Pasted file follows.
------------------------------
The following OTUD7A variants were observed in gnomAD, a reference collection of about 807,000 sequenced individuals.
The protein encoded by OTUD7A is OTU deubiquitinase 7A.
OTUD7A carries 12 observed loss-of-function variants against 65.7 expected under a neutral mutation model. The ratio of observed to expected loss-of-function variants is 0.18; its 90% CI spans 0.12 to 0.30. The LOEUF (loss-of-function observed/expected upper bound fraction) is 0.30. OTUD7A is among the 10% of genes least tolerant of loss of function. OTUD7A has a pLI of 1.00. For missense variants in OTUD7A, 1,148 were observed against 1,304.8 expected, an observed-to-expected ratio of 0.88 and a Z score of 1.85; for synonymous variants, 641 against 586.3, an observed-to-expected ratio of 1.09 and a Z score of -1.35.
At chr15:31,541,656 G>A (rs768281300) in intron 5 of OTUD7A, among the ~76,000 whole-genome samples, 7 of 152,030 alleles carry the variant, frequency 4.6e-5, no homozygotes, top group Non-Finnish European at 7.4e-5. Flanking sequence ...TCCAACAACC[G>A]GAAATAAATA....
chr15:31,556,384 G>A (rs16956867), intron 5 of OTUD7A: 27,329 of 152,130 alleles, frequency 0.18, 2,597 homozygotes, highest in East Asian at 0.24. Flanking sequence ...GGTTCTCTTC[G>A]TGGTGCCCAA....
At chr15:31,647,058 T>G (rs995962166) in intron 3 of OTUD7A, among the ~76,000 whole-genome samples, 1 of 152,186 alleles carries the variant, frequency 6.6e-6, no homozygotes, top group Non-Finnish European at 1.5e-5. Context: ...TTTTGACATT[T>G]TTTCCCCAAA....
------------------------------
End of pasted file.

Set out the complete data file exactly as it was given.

The following OTUD7A variants were observed in gnomAD, a reference collection of about 807,000 sequenced individuals.
The protein encoded by OTUD7A is OTU deubiquitinase 7A.
OTUD7A carries 12 observed loss-of-function variants against 65.7 expected under a neutral mutation model. The ratio of observed to expected loss-of-function variants is 0.18; its 90% CI spans 0.12 to 0.30. The LOEUF (loss-of-function observed/expected upper bound fraction) is 0.30. OTUD7A is among the 10% of genes least tolerant of loss of function. OTUD7A has a pLI of 1.00. For missense variants in OTUD7A, 1,148 were observed against 1,304.8 expected, an observed-to-expected ratio of 0.88 and a Z score of 1.85; for synonymous variants, 641 against 586.3, an observed-to-expected ratio of 1.09 and a Z score of -1.35.
At chr15:31,541,656 G>A (rs768281300) in intron 5 of OTUD7A, among the ~76,000 whole-genome samples, 7 of 152,030 alleles carry the variant, frequency 4.6e-5, no homozygotes, top group Non-Finnish European at 7.4e-5. Flanking sequence ...TCCAACAACC[G>A]GAAATAAATA....
chr15:31,556,384 G>A (rs16956867), intron 5 of OTUD7A: 27,329 of 152,130 alleles, frequency 0.18, 2,597 homozygotes, highest in East Asian at 0.24. Flanking sequence ...GGTTCTCTTC[G>A]TGGTGCCCAA....
At chr15:31,647,058 T>G (rs995962166) in intron 3 of OTUD7A, among the ~76,000 whole-genome samples, 1 of 152,186 alleles carries the variant, frequency 6.6e-6, no homozygotes, top group Non-Finnish European at 1.5e-5. Context: ...TTTTGACATT[T>G]TTTCCCCAAA....